So Sen. Lindsay Graham of South Carolina is entering the presidential race (for all but sure) now, with his announcement to the press Sunday (ahead of a formal announcement to be made on home ground). He adds his name to an already absurd number of Republican candidates. But he may not be absurd. We’ll see.
I’m not good at political prognostications — I mean I thought Romney had a good chance both times he ran (regardless of his party and his politics, I just thought he looked and acted presidential and that he was moderate enough to appeal to both sides). But I think Graham has a whale of a chance.
His main theme right now is that the world is going to hell in a hand basket and that the U.S. needs to confront ISIS and other terrorists before they come (back) here. He also says that opposition he has faced in elections in his own state were because he has a record of cooperating with the other side — the Democrats. He thinks both parties need to work together more.
And on foreign affairs he boasts that he has been right more often than not. I don’t know, but at least he sounds confident. He is hawkish, I know, to say the least (but we are either a military power or we are not — and like Madeline Albright once said: what good is a military if I can’t use it, or something like that (is what she said). Okay, I just looked that up. She is quoted as asking Gen. Colin Powell, in reference to the Bosnia situation: “What’s the point of having this superb military that you’re always talking about if we can’t use it?” And I know I am off the track here, and we are using our military in the Middle East, but we keep telling everyone we are leaving (even though we don’t and just hang around to get more people killed).
No we don’t need a war hawk who just wants to flex muscle or make up for the war he missed or the one his daddy did not finish (I’m talking George W. who dodged Vietnam service and who may have sent our troops into Iraq mostly just to make up for his daddy not going all the way to Baghdad). But we do need someone who can use our military to the nation’s best advantage. And I am not touting Graham. I have to hear more of what he says he is all about.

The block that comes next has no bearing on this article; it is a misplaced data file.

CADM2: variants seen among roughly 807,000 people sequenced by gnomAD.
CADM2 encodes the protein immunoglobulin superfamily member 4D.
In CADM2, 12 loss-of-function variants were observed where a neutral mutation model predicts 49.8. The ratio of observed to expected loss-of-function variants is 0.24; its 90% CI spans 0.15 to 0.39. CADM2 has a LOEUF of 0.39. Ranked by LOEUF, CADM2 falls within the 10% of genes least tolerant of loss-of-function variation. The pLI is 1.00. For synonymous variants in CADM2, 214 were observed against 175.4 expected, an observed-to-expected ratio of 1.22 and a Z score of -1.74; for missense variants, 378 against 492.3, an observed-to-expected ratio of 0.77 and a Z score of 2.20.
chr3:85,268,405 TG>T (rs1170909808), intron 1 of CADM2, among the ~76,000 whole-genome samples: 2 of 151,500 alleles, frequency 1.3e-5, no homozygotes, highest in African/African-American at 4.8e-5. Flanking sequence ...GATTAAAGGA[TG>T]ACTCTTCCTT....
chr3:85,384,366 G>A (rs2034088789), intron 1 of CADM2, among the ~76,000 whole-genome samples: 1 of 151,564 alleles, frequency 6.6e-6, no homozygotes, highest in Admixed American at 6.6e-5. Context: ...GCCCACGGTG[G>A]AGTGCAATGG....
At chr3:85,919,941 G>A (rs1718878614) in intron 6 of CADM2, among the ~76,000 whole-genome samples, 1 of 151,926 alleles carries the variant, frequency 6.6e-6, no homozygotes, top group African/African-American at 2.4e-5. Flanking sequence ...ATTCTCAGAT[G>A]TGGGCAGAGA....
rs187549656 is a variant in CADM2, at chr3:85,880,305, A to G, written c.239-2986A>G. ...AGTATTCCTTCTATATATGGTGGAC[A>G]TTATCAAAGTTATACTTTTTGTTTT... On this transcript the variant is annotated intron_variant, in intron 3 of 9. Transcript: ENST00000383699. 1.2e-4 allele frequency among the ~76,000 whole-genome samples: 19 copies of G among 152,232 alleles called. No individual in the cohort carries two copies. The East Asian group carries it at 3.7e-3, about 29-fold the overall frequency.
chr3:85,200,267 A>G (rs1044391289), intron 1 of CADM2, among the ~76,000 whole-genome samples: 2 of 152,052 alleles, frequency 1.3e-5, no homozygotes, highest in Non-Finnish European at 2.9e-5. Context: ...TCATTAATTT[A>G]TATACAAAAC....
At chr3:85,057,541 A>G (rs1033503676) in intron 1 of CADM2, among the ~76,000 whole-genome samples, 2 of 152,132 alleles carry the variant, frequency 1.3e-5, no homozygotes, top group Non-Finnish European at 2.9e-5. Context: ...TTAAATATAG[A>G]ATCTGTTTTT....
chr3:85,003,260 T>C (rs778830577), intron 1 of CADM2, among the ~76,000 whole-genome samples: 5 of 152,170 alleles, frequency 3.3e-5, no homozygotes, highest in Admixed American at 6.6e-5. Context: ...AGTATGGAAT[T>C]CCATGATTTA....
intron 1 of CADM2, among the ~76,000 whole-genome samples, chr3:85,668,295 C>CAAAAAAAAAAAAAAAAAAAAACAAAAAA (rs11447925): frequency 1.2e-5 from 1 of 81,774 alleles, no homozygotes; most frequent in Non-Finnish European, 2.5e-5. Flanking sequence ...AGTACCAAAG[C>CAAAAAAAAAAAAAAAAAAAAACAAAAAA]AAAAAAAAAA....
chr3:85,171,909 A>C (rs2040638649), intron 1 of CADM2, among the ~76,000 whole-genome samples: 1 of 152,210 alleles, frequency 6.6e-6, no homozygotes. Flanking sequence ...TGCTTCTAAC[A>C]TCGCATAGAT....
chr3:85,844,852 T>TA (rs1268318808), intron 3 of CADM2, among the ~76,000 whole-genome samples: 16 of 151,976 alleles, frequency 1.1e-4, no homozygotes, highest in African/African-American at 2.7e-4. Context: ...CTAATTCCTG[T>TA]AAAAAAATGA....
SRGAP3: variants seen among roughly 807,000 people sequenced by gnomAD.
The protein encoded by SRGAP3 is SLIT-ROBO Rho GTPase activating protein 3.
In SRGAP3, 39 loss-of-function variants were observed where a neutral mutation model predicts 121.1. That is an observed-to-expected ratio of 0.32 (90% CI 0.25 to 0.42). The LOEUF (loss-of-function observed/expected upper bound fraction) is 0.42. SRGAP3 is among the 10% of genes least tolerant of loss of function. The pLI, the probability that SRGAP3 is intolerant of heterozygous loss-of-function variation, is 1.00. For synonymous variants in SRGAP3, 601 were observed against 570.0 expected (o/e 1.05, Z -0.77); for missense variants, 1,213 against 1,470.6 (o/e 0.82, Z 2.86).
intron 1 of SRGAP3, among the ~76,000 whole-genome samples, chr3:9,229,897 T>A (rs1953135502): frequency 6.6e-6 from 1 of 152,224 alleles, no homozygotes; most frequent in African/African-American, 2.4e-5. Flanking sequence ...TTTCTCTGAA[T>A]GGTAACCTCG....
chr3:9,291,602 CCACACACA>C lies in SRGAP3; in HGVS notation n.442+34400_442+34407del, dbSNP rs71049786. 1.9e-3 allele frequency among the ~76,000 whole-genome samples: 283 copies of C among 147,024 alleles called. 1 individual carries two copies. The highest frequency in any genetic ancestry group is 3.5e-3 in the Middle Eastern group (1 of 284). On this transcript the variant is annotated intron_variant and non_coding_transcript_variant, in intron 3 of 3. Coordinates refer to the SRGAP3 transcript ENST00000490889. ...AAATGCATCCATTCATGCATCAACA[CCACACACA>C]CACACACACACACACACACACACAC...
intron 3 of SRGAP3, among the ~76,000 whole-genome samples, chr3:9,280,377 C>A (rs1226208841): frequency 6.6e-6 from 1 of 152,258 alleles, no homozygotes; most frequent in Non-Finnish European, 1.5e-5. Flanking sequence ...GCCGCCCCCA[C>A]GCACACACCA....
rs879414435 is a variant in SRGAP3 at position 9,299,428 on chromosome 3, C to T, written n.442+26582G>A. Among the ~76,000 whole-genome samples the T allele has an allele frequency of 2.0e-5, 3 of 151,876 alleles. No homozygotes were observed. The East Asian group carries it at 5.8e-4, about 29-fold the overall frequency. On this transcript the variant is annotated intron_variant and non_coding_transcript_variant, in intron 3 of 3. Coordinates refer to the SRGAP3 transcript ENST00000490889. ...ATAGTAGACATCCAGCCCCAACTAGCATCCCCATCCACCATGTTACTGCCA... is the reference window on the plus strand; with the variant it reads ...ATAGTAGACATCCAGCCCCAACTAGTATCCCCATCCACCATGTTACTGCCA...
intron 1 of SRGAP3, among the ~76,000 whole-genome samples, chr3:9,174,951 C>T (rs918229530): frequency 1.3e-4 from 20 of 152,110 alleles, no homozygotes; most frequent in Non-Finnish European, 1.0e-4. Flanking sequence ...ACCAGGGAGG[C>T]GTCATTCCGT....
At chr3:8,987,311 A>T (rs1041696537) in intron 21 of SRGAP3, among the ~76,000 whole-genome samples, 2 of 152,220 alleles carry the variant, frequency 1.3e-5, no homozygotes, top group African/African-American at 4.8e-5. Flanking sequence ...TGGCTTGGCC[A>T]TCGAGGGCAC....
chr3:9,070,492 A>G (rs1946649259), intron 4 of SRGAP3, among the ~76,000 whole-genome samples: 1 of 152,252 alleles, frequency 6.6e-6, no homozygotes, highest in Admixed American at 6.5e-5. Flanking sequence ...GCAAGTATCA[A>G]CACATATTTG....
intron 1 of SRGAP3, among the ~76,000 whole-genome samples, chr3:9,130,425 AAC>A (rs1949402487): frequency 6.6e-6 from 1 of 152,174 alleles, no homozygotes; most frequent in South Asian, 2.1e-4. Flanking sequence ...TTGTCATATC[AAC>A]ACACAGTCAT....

Now I was a little sarcastic about his military bluster the last time I wrote about him. And I think too much militarism is dangerous, but I imagine a lot of voters have concern about the nation’s slip in its military advantage and power across the globe.
I should wait to hear more — much more — but it seems that Graham is a polished speaker who does not come across as someone just tossing out meaningless jingoism. Don’t know where he stands on social issues.
The advantage he or other Republicans might have this time around is that they are not running against an incumbent.
The advantage Graham has is he does not appear to be part of the clown car that makes up most of the remainder of the Republican field.
Yes, his stance on social issues will be interesting.
And as for some of the others, like I said in my previous post below:
I cringe every time I read that a presidential candidate is having to “bone up” on foreign policy. Why are we choosing between people ignorant of the world? We are the world’s superpower and yet some of our candidates are not up on foreign affairs.
We elected (well I did not but someone did) at least one president who did not have a clue about the world in general. His initials were George W. Bush. And now his supposedly more intelligent and cerebral brother is running and he seems to need to “bone up” on world affairs — he’s already stumbled on Iraq where his brother made such a mess.
But there are others too. Why are these people even in the race?
It’s all a sales job. They study talking points. Real debate and substance don’t stand a chance.
Am I cynical?
A president ignorant of the world can easily be led astray by someone with evil intentions (Cheney effect on W.).